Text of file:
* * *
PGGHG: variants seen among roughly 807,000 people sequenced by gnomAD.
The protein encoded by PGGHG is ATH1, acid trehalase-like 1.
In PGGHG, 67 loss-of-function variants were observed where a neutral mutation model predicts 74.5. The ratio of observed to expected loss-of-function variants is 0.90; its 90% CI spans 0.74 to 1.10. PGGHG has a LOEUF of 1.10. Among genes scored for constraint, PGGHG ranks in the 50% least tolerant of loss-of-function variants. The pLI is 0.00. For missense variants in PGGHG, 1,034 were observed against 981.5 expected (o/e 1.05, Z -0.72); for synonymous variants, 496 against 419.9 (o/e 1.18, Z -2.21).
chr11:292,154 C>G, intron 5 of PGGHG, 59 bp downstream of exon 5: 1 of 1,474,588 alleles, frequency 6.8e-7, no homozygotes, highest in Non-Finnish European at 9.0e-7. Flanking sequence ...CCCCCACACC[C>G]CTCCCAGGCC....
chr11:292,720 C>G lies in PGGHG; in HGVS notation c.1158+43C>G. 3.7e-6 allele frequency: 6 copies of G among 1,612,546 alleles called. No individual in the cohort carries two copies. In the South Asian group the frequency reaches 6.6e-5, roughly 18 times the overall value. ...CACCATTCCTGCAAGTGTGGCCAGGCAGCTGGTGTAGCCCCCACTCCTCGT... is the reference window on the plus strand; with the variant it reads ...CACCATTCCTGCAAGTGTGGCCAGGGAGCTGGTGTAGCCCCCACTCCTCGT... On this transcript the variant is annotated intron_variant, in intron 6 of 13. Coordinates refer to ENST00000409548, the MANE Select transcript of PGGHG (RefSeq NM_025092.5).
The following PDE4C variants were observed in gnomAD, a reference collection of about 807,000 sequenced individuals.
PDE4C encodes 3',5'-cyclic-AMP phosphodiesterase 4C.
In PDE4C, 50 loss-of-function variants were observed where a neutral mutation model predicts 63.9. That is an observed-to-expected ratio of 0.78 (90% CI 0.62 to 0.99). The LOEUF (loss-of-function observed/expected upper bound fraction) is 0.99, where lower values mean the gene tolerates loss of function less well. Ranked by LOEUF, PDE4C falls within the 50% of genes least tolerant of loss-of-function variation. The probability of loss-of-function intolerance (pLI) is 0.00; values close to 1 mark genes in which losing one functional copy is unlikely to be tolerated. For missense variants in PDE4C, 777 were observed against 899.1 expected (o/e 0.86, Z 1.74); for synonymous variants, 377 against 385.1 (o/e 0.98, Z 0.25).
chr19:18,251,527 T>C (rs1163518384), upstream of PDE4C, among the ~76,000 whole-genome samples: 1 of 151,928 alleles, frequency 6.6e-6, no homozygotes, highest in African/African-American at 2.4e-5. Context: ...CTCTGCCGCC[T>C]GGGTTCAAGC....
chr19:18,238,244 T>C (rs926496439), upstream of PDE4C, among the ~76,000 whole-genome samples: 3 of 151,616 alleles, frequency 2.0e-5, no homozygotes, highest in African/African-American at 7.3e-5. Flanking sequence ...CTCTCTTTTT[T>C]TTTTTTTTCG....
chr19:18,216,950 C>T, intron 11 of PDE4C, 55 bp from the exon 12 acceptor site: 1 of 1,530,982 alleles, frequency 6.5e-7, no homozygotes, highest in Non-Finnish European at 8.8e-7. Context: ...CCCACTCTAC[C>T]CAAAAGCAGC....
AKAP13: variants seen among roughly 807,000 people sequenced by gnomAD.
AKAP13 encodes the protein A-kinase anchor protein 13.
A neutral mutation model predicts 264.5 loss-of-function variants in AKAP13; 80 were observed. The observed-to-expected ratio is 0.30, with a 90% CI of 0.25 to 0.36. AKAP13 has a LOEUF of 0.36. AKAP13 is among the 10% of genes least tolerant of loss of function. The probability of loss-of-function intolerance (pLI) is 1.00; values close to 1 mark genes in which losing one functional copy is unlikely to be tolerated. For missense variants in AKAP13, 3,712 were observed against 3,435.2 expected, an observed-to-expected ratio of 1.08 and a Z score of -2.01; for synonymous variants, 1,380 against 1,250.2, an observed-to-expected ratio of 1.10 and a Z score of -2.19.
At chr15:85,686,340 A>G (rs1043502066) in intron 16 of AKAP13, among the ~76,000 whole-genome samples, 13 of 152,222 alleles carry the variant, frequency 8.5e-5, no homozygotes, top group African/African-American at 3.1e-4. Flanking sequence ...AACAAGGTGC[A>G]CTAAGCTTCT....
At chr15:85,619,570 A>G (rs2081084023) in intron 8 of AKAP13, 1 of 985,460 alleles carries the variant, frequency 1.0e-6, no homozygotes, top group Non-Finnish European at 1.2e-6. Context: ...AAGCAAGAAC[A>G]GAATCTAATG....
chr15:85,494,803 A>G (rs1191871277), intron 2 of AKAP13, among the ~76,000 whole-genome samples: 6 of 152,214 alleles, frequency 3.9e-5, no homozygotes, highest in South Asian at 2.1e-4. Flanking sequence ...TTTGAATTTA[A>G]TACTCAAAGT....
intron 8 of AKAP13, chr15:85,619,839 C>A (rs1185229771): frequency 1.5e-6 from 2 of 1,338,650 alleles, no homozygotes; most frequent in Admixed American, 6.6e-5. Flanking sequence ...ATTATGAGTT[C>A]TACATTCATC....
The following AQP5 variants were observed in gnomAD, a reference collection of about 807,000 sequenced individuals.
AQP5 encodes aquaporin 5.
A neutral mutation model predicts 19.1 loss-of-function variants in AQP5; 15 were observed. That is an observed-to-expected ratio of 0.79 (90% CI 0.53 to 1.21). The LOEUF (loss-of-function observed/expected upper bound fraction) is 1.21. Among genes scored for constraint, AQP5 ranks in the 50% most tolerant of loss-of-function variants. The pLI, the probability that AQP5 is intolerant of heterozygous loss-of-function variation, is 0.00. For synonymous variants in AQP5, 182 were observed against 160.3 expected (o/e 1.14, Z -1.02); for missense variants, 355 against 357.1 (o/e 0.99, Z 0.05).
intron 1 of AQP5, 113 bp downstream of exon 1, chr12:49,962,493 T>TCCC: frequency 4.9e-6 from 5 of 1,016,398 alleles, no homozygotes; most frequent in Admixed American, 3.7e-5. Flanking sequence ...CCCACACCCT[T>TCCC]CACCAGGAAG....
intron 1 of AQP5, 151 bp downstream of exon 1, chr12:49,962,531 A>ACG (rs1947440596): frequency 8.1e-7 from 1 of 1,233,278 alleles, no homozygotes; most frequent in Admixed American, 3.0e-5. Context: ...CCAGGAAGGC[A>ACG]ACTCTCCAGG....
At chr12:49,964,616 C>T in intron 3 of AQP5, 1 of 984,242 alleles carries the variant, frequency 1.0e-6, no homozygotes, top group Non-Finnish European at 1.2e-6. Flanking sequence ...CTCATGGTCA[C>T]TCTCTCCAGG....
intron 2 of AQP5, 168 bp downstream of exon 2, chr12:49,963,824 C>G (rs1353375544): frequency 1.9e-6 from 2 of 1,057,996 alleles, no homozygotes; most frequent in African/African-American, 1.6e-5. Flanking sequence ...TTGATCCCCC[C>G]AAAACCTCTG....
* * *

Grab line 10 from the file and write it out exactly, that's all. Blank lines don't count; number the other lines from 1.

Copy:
chr19:18,238,244 T>C (rs926496439), upstream of PDE4C, among the ~76,000 whole-genome samples: 3 of 151,616 alleles, frequency 2.0e-5, no homozygotes, highest in African/African-American at 7.3e-5. Flanking sequence ...CTCTCTTTTT[T>C]TTTTTTTTCG....